(a) Except as provided in subdivision (b), testimony in the form of an opinion or inference otherwise admissible is not objectionable because it embraces an ultimate issue to be decided by the trier of fact.
FRE 704(b)
) No expert witness testifying with respect to the mental state or condition of a defendant in a criminal case may state an opinion or inference as to whether the defendant did or did not have the mental state or condition constituting an element of the crime charged or of a defense thereto. Such ultimate issues are matters for the trier of fact alone.
Hygh v Jacobs
∏’s EW says that the use of a flashlight was deadly force and not called for in this case, and that the cop used too much force in general-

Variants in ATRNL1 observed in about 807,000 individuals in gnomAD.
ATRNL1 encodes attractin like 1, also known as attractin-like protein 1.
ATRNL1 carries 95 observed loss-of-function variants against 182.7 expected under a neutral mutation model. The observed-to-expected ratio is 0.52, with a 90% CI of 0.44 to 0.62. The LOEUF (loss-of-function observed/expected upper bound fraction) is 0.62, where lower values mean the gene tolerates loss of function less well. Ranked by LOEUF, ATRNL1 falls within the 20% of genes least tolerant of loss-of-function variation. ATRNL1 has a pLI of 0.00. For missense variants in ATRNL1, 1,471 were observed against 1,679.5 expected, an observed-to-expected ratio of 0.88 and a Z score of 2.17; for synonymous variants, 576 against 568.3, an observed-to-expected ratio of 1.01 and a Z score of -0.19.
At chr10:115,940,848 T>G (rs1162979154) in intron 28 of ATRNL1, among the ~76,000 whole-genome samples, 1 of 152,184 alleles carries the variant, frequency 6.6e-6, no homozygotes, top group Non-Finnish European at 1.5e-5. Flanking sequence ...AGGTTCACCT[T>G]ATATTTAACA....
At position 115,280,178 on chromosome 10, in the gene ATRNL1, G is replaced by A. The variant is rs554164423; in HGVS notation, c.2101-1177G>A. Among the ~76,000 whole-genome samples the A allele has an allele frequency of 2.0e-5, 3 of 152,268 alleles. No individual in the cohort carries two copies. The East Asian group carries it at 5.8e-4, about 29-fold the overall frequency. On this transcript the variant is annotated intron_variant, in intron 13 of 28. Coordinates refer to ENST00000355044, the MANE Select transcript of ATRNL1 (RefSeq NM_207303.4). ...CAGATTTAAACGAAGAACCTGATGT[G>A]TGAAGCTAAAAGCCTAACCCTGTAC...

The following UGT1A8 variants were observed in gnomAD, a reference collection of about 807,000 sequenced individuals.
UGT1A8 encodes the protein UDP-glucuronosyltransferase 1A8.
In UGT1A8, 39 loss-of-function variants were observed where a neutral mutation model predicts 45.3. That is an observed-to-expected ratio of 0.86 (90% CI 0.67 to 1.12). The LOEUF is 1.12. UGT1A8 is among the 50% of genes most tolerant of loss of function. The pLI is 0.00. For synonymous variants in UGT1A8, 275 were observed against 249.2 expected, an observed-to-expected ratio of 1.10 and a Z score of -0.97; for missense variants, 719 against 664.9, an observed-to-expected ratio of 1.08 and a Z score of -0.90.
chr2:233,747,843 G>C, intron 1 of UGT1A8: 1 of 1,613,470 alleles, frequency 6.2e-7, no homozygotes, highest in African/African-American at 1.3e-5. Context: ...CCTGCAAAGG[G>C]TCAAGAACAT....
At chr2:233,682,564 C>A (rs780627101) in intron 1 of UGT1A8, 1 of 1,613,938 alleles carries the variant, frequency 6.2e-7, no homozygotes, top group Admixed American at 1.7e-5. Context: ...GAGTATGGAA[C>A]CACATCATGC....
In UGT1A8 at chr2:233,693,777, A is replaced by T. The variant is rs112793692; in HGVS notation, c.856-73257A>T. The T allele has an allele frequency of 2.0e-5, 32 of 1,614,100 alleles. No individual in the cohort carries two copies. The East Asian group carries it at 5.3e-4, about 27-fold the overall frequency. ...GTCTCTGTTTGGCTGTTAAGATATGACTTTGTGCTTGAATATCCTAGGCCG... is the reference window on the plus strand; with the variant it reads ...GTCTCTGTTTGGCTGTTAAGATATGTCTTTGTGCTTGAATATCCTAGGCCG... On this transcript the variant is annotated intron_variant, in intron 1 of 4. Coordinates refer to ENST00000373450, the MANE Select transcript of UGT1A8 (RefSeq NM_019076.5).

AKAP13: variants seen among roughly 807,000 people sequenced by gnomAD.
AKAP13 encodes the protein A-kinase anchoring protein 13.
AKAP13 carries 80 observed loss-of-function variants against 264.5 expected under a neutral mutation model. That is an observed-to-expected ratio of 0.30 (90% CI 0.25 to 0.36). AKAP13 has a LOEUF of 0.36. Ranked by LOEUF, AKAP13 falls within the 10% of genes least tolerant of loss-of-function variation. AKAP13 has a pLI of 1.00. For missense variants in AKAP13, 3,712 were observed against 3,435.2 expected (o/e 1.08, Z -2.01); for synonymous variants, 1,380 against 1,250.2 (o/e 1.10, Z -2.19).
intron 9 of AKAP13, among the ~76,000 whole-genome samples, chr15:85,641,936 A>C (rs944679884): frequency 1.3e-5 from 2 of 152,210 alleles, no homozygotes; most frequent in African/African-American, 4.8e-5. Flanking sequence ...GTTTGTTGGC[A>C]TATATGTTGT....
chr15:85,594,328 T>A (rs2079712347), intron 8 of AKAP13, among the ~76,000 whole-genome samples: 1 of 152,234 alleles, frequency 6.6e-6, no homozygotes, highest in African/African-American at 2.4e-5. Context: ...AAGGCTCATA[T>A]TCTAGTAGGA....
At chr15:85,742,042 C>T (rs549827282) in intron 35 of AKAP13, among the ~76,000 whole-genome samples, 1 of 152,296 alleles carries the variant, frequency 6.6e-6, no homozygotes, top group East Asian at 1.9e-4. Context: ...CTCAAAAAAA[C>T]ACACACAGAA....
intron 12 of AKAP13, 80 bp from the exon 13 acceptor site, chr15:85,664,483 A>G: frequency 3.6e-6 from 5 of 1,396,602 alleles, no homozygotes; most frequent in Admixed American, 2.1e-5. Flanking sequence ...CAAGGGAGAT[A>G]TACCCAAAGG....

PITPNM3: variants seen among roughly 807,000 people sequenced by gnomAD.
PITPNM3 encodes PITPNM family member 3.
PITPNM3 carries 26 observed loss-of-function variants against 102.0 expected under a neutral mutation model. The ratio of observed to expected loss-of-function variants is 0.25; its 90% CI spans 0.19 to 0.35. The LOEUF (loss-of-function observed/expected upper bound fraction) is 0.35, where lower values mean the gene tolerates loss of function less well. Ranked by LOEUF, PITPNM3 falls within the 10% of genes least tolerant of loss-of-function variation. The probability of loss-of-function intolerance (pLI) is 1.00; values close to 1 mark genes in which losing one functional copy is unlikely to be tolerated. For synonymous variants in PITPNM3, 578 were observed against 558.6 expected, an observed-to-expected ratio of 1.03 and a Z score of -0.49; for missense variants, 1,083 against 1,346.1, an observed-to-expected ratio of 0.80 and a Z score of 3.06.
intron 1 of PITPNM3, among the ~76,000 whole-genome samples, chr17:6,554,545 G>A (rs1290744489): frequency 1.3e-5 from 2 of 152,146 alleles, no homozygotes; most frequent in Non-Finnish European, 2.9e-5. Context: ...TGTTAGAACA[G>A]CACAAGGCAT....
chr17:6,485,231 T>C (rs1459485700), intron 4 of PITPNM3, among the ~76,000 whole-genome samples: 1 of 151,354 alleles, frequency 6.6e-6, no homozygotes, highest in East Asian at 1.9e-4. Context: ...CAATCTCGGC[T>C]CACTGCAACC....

i.Court says that drawing the legal conclusion that the cop had acted with excessive force was too much of an ultimate issue, but that it was harmless error to allow it in b/c it was buried in the midst of otherwise admissible E.
ii.Also was error to allow the witness to testify about the legal standard of deadly force
US v Batangan-
EX testifies about a pattern that sex victims exhibit that involved recanting their testimony and then says that the victim here was believable-
a.The first part is ok. It will help the jury to assess the credibility of the witness BUT
b.The witness should not draw any legal conclusions as to the credibility of the witness
Can an expert allow in testimony concerning the reliability of identifications?
Judges are starting to allow in testimony about the problems of cross racial ID’s and their decreased accuracy-